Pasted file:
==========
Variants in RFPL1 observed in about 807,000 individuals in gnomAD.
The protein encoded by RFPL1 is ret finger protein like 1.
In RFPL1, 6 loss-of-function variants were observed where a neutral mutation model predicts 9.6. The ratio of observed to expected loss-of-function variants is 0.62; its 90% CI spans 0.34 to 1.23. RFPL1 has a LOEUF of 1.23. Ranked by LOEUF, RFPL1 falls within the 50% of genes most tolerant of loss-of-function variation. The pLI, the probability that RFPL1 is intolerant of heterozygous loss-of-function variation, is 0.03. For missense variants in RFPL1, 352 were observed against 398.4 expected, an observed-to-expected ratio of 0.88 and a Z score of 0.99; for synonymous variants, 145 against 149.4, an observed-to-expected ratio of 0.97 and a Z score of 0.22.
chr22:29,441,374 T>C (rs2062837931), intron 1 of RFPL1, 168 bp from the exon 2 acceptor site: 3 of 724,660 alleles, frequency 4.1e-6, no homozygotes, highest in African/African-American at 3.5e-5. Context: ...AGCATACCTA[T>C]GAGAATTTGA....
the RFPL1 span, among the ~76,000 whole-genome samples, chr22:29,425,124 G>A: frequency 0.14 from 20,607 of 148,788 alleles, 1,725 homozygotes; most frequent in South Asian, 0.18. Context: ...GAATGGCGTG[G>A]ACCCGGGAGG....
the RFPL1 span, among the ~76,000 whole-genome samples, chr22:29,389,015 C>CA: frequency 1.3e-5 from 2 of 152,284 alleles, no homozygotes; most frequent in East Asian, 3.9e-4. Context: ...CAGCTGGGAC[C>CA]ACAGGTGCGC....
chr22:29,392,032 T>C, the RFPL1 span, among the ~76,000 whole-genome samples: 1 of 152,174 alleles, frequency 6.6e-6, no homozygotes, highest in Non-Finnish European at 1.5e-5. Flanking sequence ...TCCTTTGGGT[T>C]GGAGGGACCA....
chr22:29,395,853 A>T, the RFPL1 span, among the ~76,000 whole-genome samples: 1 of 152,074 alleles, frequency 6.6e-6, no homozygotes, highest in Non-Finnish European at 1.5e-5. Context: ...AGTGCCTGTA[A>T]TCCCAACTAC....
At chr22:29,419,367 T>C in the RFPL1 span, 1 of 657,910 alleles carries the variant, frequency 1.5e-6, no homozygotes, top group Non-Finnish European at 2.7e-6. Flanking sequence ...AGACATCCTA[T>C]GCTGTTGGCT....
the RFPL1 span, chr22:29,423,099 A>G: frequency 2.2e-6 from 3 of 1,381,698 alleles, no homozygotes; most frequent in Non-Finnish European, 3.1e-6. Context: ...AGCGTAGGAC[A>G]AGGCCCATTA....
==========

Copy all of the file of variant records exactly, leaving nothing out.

Variants in RFPL1 observed in about 807,000 individuals in gnomAD.
The protein encoded by RFPL1 is ret finger protein like 1.
In RFPL1, 6 loss-of-function variants were observed where a neutral mutation model predicts 9.6. The ratio of observed to expected loss-of-function variants is 0.62; its 90% CI spans 0.34 to 1.23. RFPL1 has a LOEUF of 1.23. Ranked by LOEUF, RFPL1 falls within the 50% of genes most tolerant of loss-of-function variation. The pLI, the probability that RFPL1 is intolerant of heterozygous loss-of-function variation, is 0.03. For missense variants in RFPL1, 352 were observed against 398.4 expected, an observed-to-expected ratio of 0.88 and a Z score of 0.99; for synonymous variants, 145 against 149.4, an observed-to-expected ratio of 0.97 and a Z score of 0.22.
chr22:29,441,374 T>C (rs2062837931), intron 1 of RFPL1, 168 bp from the exon 2 acceptor site: 3 of 724,660 alleles, frequency 4.1e-6, no homozygotes, highest in African/African-American at 3.5e-5. Context: ...AGCATACCTA[T>C]GAGAATTTGA....
the RFPL1 span, among the ~76,000 whole-genome samples, chr22:29,425,124 G>A: frequency 0.14 from 20,607 of 148,788 alleles, 1,725 homozygotes; most frequent in South Asian, 0.18. Context: ...GAATGGCGTG[G>A]ACCCGGGAGG....
the RFPL1 span, among the ~76,000 whole-genome samples, chr22:29,389,015 C>CA: frequency 1.3e-5 from 2 of 152,284 alleles, no homozygotes; most frequent in East Asian, 3.9e-4. Context: ...CAGCTGGGAC[C>CA]ACAGGTGCGC....
chr22:29,392,032 T>C, the RFPL1 span, among the ~76,000 whole-genome samples: 1 of 152,174 alleles, frequency 6.6e-6, no homozygotes, highest in Non-Finnish European at 1.5e-5. Flanking sequence ...TCCTTTGGGT[T>C]GGAGGGACCA....
chr22:29,395,853 A>T, the RFPL1 span, among the ~76,000 whole-genome samples: 1 of 152,074 alleles, frequency 6.6e-6, no homozygotes, highest in Non-Finnish European at 1.5e-5. Context: ...AGTGCCTGTA[A>T]TCCCAACTAC....
At chr22:29,419,367 T>C in the RFPL1 span, 1 of 657,910 alleles carries the variant, frequency 1.5e-6, no homozygotes, top group Non-Finnish European at 2.7e-6. Flanking sequence ...AGACATCCTA[T>C]GCTGTTGGCT....
the RFPL1 span, chr22:29,423,099 A>G: frequency 2.2e-6 from 3 of 1,381,698 alleles, no homozygotes; most frequent in Non-Finnish European, 3.1e-6. Context: ...AGCGTAGGAC[A>G]AGGCCCATTA....